Panel II: Losing the Battle to Balance Water Supply and Population Growth
Overlooked in most news coverage of Yemen's crisis is the country's struggle to manage its limited natural resources – particularly its rapidly depleting groundwater – in the face of soaring population growth. On the second panel of the day, "Natural Resources: Demand and Degradation," Yemen's ambassador to Germany, Mohammed Al-Eryani, and Daniel Egel of the RAND Corporation outlined Yemen's shaky prospects for economic development without more sustainable agricultural practices and more efficient water management.
With a population of more than 24 million and a TFR of 5.5 – nearly double the average for the region – Yemen's population is projected to grow to 36.7 million by 2025 and jump further to 61.6 million by mid-century, according to the latest UN projections. While those figures may not seem large by global standards, given Yemen's already limited stocks of arable land and groundwater, the country's rapid rate of growth may quickly outpace its resources.
"Already in a Crisis": The Groundwater Deficit
Yemen's per capita water supply is falling fast in the face of booming population growth and agricultural consumption, said Al-Eryani, a water engineer who founded Yemen's Ministry of Water and the Environment. While the commonly accepted threshold for water scarcity is 1700 cubic meters or less per capita, Yemen's per capita renewable water availability is now in the neighborhood of 120 cubic meters, he said.
Meanwhile, water scarcity has been exacerbated by erratic precipitation that has hit rainfall-dependent farmers especially hard. In a country with no real rivers or perennial streams, rainfall harvesting has long enabled agricultural production, as evidenced by the country's many intricately terraced hillsides – "the food baskets of Yemen," said Al-Eryani.
Yemenis have coped with shifting precipitation patterns by drawing more groundwater for irrigation and other domestic uses. While drilling wells has provided some short-term relief, the practice is unsustainable in the long term, creating a "water deficit," Al-Eryani said, that continues to grow each year. In the populous Sanaa basin, home to the Yemeni capital, consumption outweighs the aquifer's natural recharge rate by a factor of five to one and groundwater levels have been plummeting at six meters per year, he said. With only minimal government regulation of drilling, the country's groundwater situation is poised to worsen, one of the reasons Al-Eryani declared his country is "already in a crisis."
Stalled Economic Development
Yemen's stalled economic development is particularly pronounced outside of urban areas, "where the resources are," said Daniel Egel, citing the country's failure to build modern transportation infrastructure and develop other economic activities besides farming. He called for the international development community to focus on creating jobs in rural areas, particularly by increasing the financing available for non-agricultural businesses and by improving secondary roads. In addition, he warned development actors to be aware of how gender inequality and local social structures, such as tribes, affect development efforts.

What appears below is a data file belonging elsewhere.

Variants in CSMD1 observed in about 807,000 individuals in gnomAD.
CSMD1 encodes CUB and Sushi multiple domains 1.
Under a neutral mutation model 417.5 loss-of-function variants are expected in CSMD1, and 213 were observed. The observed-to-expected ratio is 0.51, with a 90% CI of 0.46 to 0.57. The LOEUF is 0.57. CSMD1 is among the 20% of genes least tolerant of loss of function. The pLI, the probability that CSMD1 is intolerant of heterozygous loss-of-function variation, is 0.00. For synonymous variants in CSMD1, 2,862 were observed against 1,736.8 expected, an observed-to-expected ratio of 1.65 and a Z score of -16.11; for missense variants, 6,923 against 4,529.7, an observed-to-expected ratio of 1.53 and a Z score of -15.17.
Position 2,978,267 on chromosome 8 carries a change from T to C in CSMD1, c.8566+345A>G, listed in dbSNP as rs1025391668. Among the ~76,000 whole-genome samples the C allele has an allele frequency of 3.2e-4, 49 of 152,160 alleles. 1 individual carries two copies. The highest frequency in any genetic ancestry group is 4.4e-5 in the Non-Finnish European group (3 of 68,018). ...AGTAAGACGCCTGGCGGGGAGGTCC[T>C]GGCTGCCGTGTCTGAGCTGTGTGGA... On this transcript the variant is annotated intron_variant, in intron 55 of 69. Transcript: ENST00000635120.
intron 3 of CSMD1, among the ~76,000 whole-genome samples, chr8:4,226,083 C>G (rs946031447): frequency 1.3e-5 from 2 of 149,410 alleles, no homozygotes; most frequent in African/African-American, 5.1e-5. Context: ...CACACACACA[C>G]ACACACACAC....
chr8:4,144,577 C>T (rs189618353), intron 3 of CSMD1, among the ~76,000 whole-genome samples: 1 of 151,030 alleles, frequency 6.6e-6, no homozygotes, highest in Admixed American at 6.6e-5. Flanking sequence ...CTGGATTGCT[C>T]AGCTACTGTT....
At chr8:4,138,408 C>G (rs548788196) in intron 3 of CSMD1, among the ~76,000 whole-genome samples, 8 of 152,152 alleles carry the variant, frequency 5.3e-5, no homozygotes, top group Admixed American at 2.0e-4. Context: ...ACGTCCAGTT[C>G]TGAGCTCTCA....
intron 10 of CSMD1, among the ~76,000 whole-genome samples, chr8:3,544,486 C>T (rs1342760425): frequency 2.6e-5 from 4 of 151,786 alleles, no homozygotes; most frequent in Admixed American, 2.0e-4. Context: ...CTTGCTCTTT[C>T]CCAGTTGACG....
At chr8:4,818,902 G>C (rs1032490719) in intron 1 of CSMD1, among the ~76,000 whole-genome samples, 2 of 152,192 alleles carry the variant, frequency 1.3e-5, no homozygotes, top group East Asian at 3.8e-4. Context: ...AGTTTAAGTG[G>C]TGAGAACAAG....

Given the country's dependence on agriculture, water scarcity poses a threat to Yemen's food security and its economic development. Three out of every four Yemeni villages depend on rainfall for irrigation, Egel said, making them highly vulnerable to unexpected climate change-induced shifts in precipitation patterns. Water scarcity also weakens the financial stability of Yemeni households, with the cost of water "accounting for about 10 percent of income during the dry season," he said.
Averting a "Domino Effect"
Al-Eryani asserted that water management policies will "have to be designed in piecemeal fashion," as no one single action will avert a catastrophe. He suggested a number of steps to alleviate the country's growing water crunch, including:
1) Focus on the rural population, which makes up 70 percent of the population, has the highest fertility rates, and are the most reliant on agriculture;
2) Move development efforts outside of Sanaa to other regions of the country;
3) Increase investment in desalination technology for coastal areas;
4) Increase water conservation in the agricultural sector; and,
5) Exploit fossil groundwater aquifers in Yemen's sparsely populated eastern reaches.
Unless such concrete steps are taken in the coming years, the outlook is grim. At current rates of usage, Al-Eryani predicted that the country's groundwater reserves could be almost entirely depleted by 2025. With up to 55 percent of the workforce engaged in agriculture, the water situation threatens to be a "domino effect of a crisis that invites many other consequences and ramifications that are really overwhelming," he said.
"The battle to strike a sustainable balance between population growth and sustainable water supplies was lost many years ago," Al-Eryani said. "But maybe we can still win the war if we can undertake some of these measures."
Luncheon Address: Governance Challenges
"Moving beyond Ali Abdullah Saleh has proved to be very challenging, not only for the Yemeni people, but for the neighboring countries and for the international community as a whole," said former U.S. Ambassador to Yemen Edmund Hull during his luncheon address.